Cybercrime is on the rise as attackers increasingly seek financial gain for their handiwork, industry observers said.
While in the past attackers sought to destroy data, they now aim to silently steal data for profit without being noticed, according to a recent report from Symantec.
Attackers are transitioning from simply looking to make headlines to making money, said Dean Turner, executive editor of Symantec's Internet Threat Report and senior manager of Symantec Threat Response. "We really are moving away from hacking for fame; it's really about hacking for fortune," he said.
During the second half of 2005, 80 percent of the top 50 threats that Symantec tracked were capable of stealing some sort of confidential information, which attackers can turn into profit, Turner said.
Security experts also are reporting an increase in the use of BOT networks, in which hackers take control of thousands of vulnerable PCs and are paid by third parties to use the PCs to send out spam or spyware.
"BOTs are lucrative and completely anonymous. It's something that once you set it up, it gives you recurring income," said Nick Bilogorskiy, manager of malicious-code research for security vendor Fortinet, Sunnyvale, Calif.
In addition, attackers are increasingly focusing on desktops and Web applications instead of more traditional security devices such as firewalls and routers as they seek to steal corporate, personal, financial or confidential data that they can use for profit or additional criminal activity, according to Symantec's report.
Phishing threats also increased in the second half of 2005 to 7.92 million attempts daily, up from 5.70 million daily in the first half, Symantec found.
"Hackers are getting far more creative," said Christopher Labatt-Simon, president and CEO of infrastructure and security solution provider D&D Consulting, Albany, N.Y. "It's incredible some of the things that hackers are doing these days to try and bypass the security that all the vendors are throwing out there."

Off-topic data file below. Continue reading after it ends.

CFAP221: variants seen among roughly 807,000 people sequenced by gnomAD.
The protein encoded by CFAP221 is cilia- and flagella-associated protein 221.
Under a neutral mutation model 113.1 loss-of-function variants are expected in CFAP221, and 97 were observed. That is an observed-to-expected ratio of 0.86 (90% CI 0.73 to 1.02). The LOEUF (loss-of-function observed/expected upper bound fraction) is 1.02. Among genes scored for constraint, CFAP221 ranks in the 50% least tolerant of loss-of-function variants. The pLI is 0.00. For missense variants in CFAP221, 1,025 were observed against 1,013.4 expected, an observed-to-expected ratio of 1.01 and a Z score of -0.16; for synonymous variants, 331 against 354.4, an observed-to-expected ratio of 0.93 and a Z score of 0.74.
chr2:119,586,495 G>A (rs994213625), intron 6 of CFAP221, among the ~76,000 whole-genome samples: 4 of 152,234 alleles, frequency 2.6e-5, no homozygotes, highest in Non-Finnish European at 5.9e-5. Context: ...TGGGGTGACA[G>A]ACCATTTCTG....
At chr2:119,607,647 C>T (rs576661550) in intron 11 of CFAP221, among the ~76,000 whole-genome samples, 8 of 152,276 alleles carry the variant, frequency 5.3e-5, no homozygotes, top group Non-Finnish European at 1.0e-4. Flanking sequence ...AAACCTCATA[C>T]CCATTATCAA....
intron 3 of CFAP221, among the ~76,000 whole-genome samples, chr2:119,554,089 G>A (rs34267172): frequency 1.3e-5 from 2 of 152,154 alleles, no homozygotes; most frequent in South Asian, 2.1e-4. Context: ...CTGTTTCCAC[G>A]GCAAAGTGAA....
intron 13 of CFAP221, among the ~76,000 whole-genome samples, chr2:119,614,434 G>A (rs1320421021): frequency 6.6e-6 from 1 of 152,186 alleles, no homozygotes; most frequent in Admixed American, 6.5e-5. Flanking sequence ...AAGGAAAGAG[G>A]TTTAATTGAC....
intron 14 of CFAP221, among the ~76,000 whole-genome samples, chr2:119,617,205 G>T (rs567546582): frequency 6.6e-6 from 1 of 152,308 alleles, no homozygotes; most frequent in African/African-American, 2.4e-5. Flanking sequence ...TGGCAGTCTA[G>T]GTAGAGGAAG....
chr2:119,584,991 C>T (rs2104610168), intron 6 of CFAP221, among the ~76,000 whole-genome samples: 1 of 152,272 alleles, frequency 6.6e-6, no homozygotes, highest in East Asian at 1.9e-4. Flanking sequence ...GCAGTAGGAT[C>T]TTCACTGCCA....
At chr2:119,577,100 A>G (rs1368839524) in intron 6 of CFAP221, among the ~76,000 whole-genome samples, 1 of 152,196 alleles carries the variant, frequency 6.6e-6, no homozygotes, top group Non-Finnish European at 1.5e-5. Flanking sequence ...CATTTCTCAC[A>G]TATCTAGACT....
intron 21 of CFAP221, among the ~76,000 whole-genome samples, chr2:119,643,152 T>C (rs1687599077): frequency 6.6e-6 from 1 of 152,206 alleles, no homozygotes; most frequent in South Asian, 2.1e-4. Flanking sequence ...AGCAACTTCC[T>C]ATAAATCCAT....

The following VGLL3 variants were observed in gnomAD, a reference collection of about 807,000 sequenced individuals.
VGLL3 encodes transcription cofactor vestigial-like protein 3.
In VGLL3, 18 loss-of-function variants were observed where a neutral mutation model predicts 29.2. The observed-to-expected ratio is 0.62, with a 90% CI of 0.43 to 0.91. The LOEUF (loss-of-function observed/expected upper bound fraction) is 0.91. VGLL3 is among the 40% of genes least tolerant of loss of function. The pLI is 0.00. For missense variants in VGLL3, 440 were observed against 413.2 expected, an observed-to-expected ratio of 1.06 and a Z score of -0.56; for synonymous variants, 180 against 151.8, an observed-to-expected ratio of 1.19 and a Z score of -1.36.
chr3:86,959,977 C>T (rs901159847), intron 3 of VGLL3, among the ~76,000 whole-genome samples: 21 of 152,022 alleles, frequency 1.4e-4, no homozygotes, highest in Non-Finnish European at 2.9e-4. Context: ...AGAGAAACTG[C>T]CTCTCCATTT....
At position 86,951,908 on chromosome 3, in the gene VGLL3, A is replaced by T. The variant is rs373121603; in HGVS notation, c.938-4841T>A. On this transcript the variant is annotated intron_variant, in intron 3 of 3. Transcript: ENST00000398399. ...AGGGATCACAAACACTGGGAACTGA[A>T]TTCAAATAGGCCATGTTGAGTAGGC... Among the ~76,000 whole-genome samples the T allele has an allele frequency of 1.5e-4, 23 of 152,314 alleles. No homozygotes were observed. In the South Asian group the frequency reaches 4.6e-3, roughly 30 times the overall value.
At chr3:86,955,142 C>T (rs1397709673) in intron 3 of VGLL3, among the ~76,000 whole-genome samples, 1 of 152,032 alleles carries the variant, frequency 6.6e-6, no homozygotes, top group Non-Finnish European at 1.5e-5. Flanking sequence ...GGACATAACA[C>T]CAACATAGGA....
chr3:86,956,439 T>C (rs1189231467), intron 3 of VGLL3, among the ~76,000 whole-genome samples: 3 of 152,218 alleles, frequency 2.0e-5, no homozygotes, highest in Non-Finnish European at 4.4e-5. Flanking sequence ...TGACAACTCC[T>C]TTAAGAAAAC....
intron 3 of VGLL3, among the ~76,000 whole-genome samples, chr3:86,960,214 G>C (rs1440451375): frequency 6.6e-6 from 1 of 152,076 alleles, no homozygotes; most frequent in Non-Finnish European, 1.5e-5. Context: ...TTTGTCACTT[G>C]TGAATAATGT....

Hackers also are selling malicious code that exploits vulnerabilities, which can be particularly damaging if the vulnerability hasn't been reported, Turner said.
On average, there is a seven-day window between the announcement of a vulnerability and the appearance of its exploitation. Since manufacturers take about 49 days to issue a patch, that leaves an average 42-day window of exposure, he said.
"There are companies that are paying for vulnerabilities, and with the commercial acquisition of vulnerability information, nobody knows how long [the attackers] are holding that information," Turner said.
Keeping in line with hackers' motivation to make money instead of headlines, cybercriminals are staging a larger number of small-scale attacks to avoid attracting attention, and more importantly, to avoid getting caught, said Fortinet's Bilogorskiy.
"I've been seeing a transition to smaller-scale, targeted threats so they can stay under the radar of law enforcement agencies," Bilogorskiy said.
These attacks are even more damaging if they aren't reported, said Kurtis Kreh, vice president of sales at security solution provider iSmart Connect, Irvine, Calif. "Ninety percent of these attacks go unnoticed or unreported. A financial institution may not even know it occurred. So the problem is that the hacker community is always one step ahead-and always will be," Kreh said.
The best security defense is multilayered protection, but even still, attackers are always looking for new ways to penetrate secure networks, Bilogorskiy said.
VARs said it requires vigilance to keep up with the bad guys.
"Our guys are constantly researching and looking for what new threats we're seeing and how different vendors are reacting to that within their product lines to ensure that our customers have control over the threat actually occurring, " Labatt-Simon said.